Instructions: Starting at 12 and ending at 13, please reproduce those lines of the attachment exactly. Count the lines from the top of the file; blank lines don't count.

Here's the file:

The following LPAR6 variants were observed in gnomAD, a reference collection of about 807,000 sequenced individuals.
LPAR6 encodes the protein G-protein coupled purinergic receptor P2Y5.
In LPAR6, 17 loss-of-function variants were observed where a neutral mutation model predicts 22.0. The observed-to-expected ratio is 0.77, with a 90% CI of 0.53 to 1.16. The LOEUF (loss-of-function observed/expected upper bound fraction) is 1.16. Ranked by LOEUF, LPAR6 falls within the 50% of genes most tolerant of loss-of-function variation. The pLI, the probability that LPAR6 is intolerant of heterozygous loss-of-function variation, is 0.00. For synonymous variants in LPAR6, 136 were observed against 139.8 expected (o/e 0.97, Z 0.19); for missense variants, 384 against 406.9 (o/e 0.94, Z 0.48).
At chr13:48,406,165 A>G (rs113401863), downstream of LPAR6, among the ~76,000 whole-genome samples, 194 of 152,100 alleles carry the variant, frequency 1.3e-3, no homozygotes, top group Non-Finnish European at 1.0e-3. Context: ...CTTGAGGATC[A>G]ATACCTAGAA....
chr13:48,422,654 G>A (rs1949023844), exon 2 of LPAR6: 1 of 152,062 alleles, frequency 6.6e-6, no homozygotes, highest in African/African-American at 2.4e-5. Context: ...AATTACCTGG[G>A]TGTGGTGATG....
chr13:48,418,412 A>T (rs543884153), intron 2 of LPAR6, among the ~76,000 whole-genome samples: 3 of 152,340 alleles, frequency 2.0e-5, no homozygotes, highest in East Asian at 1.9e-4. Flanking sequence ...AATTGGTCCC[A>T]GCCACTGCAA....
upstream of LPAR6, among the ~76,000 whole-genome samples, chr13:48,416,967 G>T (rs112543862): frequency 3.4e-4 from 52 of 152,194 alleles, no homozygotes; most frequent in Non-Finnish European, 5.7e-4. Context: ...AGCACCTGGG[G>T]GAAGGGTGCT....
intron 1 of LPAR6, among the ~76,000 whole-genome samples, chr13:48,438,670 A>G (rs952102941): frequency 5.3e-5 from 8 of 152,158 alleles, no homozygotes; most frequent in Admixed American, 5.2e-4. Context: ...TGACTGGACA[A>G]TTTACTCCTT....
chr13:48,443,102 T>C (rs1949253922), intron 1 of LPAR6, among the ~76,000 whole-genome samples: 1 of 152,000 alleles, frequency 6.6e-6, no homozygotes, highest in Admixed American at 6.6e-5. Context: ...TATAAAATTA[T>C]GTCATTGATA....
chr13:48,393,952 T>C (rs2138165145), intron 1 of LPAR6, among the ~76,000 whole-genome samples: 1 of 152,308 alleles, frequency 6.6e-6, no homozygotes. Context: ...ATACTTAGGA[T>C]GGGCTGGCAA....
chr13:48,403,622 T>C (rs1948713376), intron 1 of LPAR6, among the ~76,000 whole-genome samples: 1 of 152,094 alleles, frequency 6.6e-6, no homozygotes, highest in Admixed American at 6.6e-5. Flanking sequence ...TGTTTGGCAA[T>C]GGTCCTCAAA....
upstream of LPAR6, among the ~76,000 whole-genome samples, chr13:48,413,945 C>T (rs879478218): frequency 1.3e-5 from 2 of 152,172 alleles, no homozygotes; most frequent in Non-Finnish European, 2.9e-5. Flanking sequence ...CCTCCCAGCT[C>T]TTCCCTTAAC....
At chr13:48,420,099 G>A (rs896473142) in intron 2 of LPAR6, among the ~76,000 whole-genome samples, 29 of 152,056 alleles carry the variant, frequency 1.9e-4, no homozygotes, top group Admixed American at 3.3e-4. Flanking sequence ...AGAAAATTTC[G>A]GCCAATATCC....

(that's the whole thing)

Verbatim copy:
upstream of LPAR6, among the ~76,000 whole-genome samples, chr13:48,413,945 C>T (rs879478218): frequency 1.3e-5 from 2 of 152,172 alleles, no homozygotes; most frequent in Non-Finnish European, 2.9e-5. Flanking sequence ...CCTCCCAGCT[C>T]TTCCCTTAAC....
At chr13:48,420,099 G>A (rs896473142) in intron 2 of LPAR6, among the ~76,000 whole-genome samples, 29 of 152,056 alleles carry the variant, frequency 1.9e-4, no homozygotes, top group Admixed American at 3.3e-4. Flanking sequence ...AGAAAATTTC[G>A]GCCAATATCC....